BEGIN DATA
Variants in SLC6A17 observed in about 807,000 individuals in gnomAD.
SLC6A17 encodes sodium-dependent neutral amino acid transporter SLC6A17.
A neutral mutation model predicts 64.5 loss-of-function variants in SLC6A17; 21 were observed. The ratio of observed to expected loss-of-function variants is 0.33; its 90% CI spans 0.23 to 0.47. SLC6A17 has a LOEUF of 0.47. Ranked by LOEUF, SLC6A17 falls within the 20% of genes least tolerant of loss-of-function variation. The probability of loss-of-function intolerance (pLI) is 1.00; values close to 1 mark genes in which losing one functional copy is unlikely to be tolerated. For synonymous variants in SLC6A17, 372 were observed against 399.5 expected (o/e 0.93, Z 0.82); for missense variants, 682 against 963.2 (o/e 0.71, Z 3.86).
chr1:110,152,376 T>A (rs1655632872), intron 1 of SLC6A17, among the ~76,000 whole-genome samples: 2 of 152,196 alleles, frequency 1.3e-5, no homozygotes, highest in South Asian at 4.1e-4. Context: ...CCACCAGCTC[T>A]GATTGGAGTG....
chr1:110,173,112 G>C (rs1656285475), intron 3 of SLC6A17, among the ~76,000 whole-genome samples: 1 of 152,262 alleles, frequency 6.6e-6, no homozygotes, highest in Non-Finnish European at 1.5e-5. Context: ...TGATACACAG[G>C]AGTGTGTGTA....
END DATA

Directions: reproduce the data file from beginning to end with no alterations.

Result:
Variants in SLC6A17 observed in about 807,000 individuals in gnomAD.
SLC6A17 encodes sodium-dependent neutral amino acid transporter SLC6A17.
A neutral mutation model predicts 64.5 loss-of-function variants in SLC6A17; 21 were observed. The ratio of observed to expected loss-of-function variants is 0.33; its 90% CI spans 0.23 to 0.47. SLC6A17 has a LOEUF of 0.47. Ranked by LOEUF, SLC6A17 falls within the 20% of genes least tolerant of loss-of-function variation. The probability of loss-of-function intolerance (pLI) is 1.00; values close to 1 mark genes in which losing one functional copy is unlikely to be tolerated. For synonymous variants in SLC6A17, 372 were observed against 399.5 expected (o/e 0.93, Z 0.82); for missense variants, 682 against 963.2 (o/e 0.71, Z 3.86).
chr1:110,152,376 T>A (rs1655632872), intron 1 of SLC6A17, among the ~76,000 whole-genome samples: 2 of 152,196 alleles, frequency 1.3e-5, no homozygotes, highest in South Asian at 4.1e-4. Context: ...CCACCAGCTC[T>A]GATTGGAGTG....
chr1:110,173,112 G>C (rs1656285475), intron 3 of SLC6A17, among the ~76,000 whole-genome samples: 1 of 152,262 alleles, frequency 6.6e-6, no homozygotes, highest in Non-Finnish European at 1.5e-5. Context: ...TGATACACAG[G>C]AGTGTGTGTA....